Located near Fredericksburg, deep in the Virginia wetlands, are the rotting remains of the state’s Renaissance Faire. The attempt to bring the medieval era to the 20th century was intended to be a popular tourist attraction. However, the company behind it failed to take into account just how remote the location was – oh, and the swarms of mosquitoes that frequently feasted on guests.
The Renaissance Faire was built by the Renaissance Entertainment Corporation. What’s more, it was constructed on land that used to belong to Mary Bell Washington, the mother of George Washington. The company’s goal was to create a replica of a medieval square, complete with cottages and inns built with thatched roofs, and even circular guard towers. There was also a mead hall, a jousting area, and dozens of stores and workshops.
The aim was to make visitors feel as if they’d been transported back in time – and that’s exactly the atmosphere the park gave off… at first.
The main attraction at the Renaissance Faire was a replica of a medieval-era ship. Located in a small pond on the property, it featured a stage where entertainers put on performances for guests.
During its first year in 1996, hundreds of visitors from across the United States flocked to Fredericksburg to experience life during the Middle Ages. However, it wasn’t long before the park began to suffer financial issues, culminating in its closure just three years later. Following this, props and decorations were transported to a similar attraction in Wisconsin.
Why did the Virginia Renaissance Faire fail? The primary reason has to do with its location. The park was constructed in a remote part of the state, on an isolated road with very little on it. For guests and workers, it was a journey to simply get there. Pair that with a lack of parking and little in the way of nearby hotels, and many couldn’t justify the trip.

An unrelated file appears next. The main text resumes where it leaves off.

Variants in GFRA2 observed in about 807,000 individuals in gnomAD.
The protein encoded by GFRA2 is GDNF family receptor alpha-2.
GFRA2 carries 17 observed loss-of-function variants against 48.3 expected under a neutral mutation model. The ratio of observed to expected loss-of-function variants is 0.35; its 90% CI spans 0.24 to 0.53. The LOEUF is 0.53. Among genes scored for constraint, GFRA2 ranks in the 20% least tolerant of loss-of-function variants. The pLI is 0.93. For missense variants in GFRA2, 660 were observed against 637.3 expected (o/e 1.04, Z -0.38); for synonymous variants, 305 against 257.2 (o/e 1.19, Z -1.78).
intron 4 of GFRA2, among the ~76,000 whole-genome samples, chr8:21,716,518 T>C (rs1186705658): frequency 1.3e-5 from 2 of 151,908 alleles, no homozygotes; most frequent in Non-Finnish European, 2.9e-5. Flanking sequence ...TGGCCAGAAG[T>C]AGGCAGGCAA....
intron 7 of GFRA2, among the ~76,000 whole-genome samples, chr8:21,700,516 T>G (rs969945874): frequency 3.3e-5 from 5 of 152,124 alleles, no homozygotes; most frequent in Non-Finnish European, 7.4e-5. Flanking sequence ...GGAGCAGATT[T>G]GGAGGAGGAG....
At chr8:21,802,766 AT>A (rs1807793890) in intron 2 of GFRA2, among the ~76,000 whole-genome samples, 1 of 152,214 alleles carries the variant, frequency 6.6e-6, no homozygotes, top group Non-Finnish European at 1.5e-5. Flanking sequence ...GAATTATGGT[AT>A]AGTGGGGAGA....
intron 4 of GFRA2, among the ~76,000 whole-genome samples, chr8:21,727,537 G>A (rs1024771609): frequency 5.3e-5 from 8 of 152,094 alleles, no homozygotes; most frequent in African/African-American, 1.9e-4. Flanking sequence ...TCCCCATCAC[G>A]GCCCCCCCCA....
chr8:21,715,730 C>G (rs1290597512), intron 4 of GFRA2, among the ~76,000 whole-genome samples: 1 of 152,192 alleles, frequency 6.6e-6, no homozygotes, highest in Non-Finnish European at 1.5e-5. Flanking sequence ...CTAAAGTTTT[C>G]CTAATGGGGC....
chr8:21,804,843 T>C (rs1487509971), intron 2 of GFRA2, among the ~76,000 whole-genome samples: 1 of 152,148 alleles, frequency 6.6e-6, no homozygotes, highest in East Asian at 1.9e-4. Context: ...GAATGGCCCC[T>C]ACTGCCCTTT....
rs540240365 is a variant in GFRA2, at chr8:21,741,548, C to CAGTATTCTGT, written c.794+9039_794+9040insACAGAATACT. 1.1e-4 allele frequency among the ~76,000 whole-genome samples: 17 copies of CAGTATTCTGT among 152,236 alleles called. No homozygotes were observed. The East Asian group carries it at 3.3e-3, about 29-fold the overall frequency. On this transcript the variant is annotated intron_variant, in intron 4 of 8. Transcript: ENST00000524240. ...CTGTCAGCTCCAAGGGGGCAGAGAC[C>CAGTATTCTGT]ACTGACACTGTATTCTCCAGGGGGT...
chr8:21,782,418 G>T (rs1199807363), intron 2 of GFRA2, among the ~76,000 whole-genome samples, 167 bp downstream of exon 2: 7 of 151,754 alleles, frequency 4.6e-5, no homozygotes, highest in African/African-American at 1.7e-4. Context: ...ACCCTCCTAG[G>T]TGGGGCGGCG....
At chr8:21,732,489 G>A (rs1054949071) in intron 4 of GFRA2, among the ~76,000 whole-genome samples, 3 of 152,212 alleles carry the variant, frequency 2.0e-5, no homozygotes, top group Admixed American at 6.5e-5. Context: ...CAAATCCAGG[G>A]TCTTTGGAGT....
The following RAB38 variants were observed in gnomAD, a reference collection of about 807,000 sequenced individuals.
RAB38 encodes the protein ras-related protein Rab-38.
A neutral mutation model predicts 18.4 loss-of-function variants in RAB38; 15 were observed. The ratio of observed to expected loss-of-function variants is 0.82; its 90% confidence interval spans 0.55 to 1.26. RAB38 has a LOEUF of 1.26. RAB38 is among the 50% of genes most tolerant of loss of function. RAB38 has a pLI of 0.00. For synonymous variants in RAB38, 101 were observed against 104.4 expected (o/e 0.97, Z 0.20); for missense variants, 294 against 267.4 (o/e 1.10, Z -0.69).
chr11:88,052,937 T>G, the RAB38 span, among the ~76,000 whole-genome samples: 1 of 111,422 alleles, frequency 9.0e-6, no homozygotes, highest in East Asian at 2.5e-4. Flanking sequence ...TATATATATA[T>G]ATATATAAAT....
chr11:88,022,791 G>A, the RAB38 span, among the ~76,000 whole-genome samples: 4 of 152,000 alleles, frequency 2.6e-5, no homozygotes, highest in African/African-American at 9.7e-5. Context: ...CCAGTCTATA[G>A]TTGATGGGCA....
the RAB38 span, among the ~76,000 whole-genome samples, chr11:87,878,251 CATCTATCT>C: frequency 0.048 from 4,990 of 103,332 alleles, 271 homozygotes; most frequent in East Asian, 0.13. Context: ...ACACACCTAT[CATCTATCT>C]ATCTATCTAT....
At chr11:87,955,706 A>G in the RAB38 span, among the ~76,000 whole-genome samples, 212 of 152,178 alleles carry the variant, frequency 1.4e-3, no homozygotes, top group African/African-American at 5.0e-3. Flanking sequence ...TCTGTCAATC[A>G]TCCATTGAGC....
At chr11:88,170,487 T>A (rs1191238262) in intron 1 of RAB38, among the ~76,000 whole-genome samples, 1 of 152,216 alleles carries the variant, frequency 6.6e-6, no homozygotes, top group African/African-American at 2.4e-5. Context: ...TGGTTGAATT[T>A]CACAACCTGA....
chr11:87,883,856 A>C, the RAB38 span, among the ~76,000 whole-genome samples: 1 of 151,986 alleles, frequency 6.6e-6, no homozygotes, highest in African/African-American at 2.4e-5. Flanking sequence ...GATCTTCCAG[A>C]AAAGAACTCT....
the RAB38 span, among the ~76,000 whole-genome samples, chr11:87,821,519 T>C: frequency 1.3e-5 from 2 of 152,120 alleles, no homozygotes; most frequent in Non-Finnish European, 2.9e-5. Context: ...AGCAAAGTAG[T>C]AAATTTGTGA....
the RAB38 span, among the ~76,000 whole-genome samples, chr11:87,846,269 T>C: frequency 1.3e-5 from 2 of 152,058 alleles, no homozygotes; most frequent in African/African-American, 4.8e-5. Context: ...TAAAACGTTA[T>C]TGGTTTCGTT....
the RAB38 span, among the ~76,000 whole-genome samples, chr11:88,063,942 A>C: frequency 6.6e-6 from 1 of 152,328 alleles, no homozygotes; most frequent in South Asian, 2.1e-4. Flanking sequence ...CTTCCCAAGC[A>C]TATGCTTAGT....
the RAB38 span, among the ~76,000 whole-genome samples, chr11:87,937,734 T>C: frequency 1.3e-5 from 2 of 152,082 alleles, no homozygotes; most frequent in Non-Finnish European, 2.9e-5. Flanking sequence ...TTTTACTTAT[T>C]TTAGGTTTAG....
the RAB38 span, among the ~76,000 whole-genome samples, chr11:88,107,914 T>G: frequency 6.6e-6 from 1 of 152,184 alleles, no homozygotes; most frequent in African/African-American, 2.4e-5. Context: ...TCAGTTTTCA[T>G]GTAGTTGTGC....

Another reason the park failed is simple, but gross: bugs. The pond in which the ship sat was a breeding ground for mosquitoes, meaning guests who didn’t wear bug spray were essentially eaten alive. What’s more, the tall grass that surrounded the Renaissance Faire was infested with ticks – more bloodsuckers the public didn’t want to deal with.
Today, the majority of the property has been reclaimed by nature. The buildings and other structures are in such bad shape that they’re beginning to collapse (if they haven’t already), and those that remain standing have had their walls covered in graffiti and their windows smashed.
The paths that once led guests to the various attractions that made up the Renaissance Faire have since disappeared under the tall grass. When paired with the vines that have crept their way up exterior walls and into buildings, it won’t be long until the park is completely swallowed up by mother nature.
While urban explorers might want to travel to Virginia to explore the Renaissance Faire, it should be noted that the property is monitored by the Stafford County Sheriff’s Department. As well, a local sportsman club uses the area for hunting and shooting, meaning anyone walking through the park needs to exercise caution.